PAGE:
'As hundreds of manatees huddled to stay warm inside the channel of the Florida Power and Light Riviera Beach Power Plant, one of the gentle sea cows stood out due to a distinct feature of its anatomy. Thought to have been injured by a boat propeller at some point in its life, the manatee's tail grew back into three separate prongs. Due to the unusual shape, the manatee leaves three separate wakes on the water's surface while swimming just below.

'The Florida Fish and Wildlife Conservation Commission believes that this is the source of the sea creature shown during a segment last year on Monsterquest.'


I wonder whether this could have any bearing on our sighting of 'three separate wakes' on the Irish lake last year; not for one moment that I am suggesting that a mutilated sirenian somehow turned up in Killarney, but you know what I mean.

Actually, it's too bloody early in the morning for me. I'm up a couple of hours before usual because we have appointments in Bideford and I wanted to do the bloggo before we went. The story caught my fancy, but I will leave you guys to do the thinking for me. Do YOU think it has any relevance at all, or am I just blearily clutching at straws?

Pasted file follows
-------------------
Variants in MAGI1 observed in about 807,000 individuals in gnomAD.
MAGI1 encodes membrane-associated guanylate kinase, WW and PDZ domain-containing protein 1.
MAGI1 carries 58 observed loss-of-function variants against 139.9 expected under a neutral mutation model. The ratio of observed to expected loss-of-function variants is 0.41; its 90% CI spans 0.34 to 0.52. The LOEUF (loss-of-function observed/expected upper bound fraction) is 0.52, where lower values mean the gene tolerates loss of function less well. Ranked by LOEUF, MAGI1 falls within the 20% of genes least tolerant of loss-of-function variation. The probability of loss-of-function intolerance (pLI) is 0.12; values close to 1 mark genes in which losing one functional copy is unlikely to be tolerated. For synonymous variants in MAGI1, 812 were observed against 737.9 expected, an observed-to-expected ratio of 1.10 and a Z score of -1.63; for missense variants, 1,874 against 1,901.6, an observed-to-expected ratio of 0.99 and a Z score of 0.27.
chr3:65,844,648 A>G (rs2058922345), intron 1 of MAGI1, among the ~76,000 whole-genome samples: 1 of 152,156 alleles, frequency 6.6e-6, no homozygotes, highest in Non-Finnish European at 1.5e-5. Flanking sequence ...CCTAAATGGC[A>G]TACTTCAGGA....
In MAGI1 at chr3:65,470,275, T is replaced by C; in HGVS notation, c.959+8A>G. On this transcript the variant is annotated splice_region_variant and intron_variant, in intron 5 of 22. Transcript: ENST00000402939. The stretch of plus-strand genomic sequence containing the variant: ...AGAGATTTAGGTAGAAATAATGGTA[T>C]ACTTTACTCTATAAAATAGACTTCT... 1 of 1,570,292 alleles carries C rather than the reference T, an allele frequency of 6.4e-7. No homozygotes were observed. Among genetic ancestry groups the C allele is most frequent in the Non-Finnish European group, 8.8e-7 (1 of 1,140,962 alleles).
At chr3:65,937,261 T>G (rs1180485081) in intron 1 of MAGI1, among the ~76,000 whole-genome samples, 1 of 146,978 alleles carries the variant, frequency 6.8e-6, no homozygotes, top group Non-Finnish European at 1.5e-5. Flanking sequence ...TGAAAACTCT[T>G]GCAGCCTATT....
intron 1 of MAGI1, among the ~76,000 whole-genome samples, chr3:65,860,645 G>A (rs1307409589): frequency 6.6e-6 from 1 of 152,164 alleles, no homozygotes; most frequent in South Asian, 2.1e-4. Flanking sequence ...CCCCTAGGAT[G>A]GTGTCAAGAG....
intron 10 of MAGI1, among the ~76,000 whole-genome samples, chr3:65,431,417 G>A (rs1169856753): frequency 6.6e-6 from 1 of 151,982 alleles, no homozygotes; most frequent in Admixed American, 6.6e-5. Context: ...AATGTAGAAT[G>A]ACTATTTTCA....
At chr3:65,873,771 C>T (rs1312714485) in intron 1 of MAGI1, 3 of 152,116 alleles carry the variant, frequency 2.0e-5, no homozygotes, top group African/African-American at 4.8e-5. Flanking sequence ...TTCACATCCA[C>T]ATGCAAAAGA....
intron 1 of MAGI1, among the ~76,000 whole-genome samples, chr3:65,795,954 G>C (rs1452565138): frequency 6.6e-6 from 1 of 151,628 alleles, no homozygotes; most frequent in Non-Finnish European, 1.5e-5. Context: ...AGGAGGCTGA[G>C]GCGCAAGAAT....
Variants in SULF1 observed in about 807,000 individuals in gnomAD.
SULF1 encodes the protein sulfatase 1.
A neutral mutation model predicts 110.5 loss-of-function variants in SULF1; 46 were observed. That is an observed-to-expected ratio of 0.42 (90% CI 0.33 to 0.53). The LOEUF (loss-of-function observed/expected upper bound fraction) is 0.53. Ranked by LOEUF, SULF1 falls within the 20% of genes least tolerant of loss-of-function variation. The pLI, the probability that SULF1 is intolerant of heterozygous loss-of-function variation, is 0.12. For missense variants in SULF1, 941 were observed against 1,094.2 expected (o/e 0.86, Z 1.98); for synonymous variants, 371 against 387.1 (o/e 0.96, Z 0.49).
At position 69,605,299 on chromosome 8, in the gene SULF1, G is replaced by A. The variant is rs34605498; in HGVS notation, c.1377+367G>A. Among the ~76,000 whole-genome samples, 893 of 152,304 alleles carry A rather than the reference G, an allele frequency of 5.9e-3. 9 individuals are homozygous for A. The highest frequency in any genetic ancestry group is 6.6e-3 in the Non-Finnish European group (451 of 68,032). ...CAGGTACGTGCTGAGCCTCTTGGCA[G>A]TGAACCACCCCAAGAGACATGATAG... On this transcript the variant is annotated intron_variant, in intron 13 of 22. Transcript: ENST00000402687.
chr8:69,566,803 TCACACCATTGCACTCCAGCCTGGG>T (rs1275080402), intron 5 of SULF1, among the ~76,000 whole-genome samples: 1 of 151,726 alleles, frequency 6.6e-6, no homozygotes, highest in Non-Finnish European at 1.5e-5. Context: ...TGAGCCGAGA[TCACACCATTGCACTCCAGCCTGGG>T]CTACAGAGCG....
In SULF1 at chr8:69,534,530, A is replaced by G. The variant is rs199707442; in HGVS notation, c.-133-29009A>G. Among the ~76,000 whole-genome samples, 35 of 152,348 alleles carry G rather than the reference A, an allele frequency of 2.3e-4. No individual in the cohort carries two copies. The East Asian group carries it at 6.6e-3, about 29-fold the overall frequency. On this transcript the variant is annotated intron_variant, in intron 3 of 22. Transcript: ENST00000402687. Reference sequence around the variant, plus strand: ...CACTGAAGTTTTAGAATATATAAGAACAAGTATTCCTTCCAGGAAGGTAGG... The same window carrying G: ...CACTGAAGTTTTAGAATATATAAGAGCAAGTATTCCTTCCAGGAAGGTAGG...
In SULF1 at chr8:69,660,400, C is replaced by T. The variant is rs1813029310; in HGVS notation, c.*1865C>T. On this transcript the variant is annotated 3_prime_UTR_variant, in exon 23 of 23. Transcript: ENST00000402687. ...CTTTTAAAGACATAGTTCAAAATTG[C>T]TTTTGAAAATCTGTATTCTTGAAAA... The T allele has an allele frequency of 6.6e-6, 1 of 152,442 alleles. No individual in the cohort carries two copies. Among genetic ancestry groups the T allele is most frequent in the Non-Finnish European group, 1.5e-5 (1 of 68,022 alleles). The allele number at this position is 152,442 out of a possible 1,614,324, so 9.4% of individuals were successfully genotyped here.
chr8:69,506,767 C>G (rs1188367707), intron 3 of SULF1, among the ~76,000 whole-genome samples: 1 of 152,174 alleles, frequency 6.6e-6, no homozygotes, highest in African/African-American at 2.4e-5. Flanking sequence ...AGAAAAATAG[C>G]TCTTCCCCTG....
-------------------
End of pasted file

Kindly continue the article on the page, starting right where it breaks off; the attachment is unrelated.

YOU decide.

JOHN TRIPLOW: In Search of the Lynemouth Panther

A few years back now, I was told about a big black cat sighted on an open playing field - right on my doorstep in Lynemouth, Northumberland. Alas, this was before I had acquainted myself with preternatural research so inevitably, I missed the chance to investigate the subject at that time. Since then I had thought very little about the sighting – until now.

On Tuesday, January 5, my partner Kelly returned home from visiting a friend who lives on the “other side of the line” (a local derogatory phrase used to describe the opposing side of the village, which was divided by a railway line until the 1980s - it worked both ways of course!) Anyway, Kelly went on to tell me that around the same time the cat was sighted her friend had encountered the creature in roughly the same spot. She claimed the “panther” was stooped low to the ground, with its tail “pricked up - as if it was hunting for prey”.